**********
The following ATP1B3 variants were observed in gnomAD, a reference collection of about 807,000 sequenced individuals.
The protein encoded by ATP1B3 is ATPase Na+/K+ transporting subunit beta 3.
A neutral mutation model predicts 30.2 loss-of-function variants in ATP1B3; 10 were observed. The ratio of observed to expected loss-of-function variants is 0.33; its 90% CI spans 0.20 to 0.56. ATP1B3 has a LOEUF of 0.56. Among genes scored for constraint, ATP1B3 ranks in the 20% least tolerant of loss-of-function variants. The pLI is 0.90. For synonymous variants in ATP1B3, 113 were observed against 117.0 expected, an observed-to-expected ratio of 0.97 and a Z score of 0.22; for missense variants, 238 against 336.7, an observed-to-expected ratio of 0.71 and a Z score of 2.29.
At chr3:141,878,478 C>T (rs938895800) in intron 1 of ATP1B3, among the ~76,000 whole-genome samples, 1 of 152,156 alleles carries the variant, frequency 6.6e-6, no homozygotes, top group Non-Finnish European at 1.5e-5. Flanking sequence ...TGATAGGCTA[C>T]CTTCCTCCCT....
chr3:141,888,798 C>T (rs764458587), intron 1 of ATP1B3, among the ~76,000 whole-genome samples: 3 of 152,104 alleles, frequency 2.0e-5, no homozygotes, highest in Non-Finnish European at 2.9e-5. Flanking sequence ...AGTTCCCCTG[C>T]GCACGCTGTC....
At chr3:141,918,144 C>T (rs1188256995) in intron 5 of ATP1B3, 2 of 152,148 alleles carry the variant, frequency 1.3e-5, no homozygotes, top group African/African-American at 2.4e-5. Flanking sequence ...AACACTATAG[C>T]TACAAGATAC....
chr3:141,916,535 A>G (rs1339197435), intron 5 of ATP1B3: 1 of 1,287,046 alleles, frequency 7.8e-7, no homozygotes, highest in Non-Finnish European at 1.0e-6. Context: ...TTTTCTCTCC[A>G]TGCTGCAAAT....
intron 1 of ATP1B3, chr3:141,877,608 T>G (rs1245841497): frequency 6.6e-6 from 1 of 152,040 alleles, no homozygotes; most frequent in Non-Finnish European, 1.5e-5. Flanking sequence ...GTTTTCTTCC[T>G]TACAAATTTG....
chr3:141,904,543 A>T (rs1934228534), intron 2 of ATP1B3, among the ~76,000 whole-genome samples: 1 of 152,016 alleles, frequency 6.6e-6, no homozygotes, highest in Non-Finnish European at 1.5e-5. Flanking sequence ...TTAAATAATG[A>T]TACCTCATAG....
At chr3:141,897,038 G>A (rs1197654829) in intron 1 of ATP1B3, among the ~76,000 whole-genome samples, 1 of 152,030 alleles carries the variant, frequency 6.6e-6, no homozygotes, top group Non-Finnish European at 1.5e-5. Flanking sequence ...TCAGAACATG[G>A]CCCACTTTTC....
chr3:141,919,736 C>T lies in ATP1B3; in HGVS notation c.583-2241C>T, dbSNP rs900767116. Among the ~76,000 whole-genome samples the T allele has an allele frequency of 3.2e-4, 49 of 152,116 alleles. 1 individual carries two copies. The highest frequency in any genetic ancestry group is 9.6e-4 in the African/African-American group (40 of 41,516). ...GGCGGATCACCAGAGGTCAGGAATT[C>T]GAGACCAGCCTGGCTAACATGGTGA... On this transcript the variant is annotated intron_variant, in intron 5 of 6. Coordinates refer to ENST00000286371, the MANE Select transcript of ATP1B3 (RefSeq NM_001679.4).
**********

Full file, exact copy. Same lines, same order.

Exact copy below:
The following ATP1B3 variants were observed in gnomAD, a reference collection of about 807,000 sequenced individuals.
The protein encoded by ATP1B3 is ATPase Na+/K+ transporting subunit beta 3.
A neutral mutation model predicts 30.2 loss-of-function variants in ATP1B3; 10 were observed. The ratio of observed to expected loss-of-function variants is 0.33; its 90% CI spans 0.20 to 0.56. ATP1B3 has a LOEUF of 0.56. Among genes scored for constraint, ATP1B3 ranks in the 20% least tolerant of loss-of-function variants. The pLI is 0.90. For synonymous variants in ATP1B3, 113 were observed against 117.0 expected, an observed-to-expected ratio of 0.97 and a Z score of 0.22; for missense variants, 238 against 336.7, an observed-to-expected ratio of 0.71 and a Z score of 2.29.
At chr3:141,878,478 C>T (rs938895800) in intron 1 of ATP1B3, among the ~76,000 whole-genome samples, 1 of 152,156 alleles carries the variant, frequency 6.6e-6, no homozygotes, top group Non-Finnish European at 1.5e-5. Flanking sequence ...TGATAGGCTA[C>T]CTTCCTCCCT....
chr3:141,888,798 C>T (rs764458587), intron 1 of ATP1B3, among the ~76,000 whole-genome samples: 3 of 152,104 alleles, frequency 2.0e-5, no homozygotes, highest in Non-Finnish European at 2.9e-5. Flanking sequence ...AGTTCCCCTG[C>T]GCACGCTGTC....
At chr3:141,918,144 C>T (rs1188256995) in intron 5 of ATP1B3, 2 of 152,148 alleles carry the variant, frequency 1.3e-5, no homozygotes, top group African/African-American at 2.4e-5. Flanking sequence ...AACACTATAG[C>T]TACAAGATAC....
chr3:141,916,535 A>G (rs1339197435), intron 5 of ATP1B3: 1 of 1,287,046 alleles, frequency 7.8e-7, no homozygotes, highest in Non-Finnish European at 1.0e-6. Context: ...TTTTCTCTCC[A>G]TGCTGCAAAT....
intron 1 of ATP1B3, chr3:141,877,608 T>G (rs1245841497): frequency 6.6e-6 from 1 of 152,040 alleles, no homozygotes; most frequent in Non-Finnish European, 1.5e-5. Flanking sequence ...GTTTTCTTCC[T>G]TACAAATTTG....
chr3:141,904,543 A>T (rs1934228534), intron 2 of ATP1B3, among the ~76,000 whole-genome samples: 1 of 152,016 alleles, frequency 6.6e-6, no homozygotes, highest in Non-Finnish European at 1.5e-5. Flanking sequence ...TTAAATAATG[A>T]TACCTCATAG....
At chr3:141,897,038 G>A (rs1197654829) in intron 1 of ATP1B3, among the ~76,000 whole-genome samples, 1 of 152,030 alleles carries the variant, frequency 6.6e-6, no homozygotes, top group Non-Finnish European at 1.5e-5. Flanking sequence ...TCAGAACATG[G>A]CCCACTTTTC....
chr3:141,919,736 C>T lies in ATP1B3; in HGVS notation c.583-2241C>T, dbSNP rs900767116. Among the ~76,000 whole-genome samples the T allele has an allele frequency of 3.2e-4, 49 of 152,116 alleles. 1 individual carries two copies. The highest frequency in any genetic ancestry group is 9.6e-4 in the African/African-American group (40 of 41,516). ...GGCGGATCACCAGAGGTCAGGAATT[C>T]GAGACCAGCCTGGCTAACATGGTGA... On this transcript the variant is annotated intron_variant, in intron 5 of 6. Coordinates refer to ENST00000286371, the MANE Select transcript of ATP1B3 (RefSeq NM_001679.4).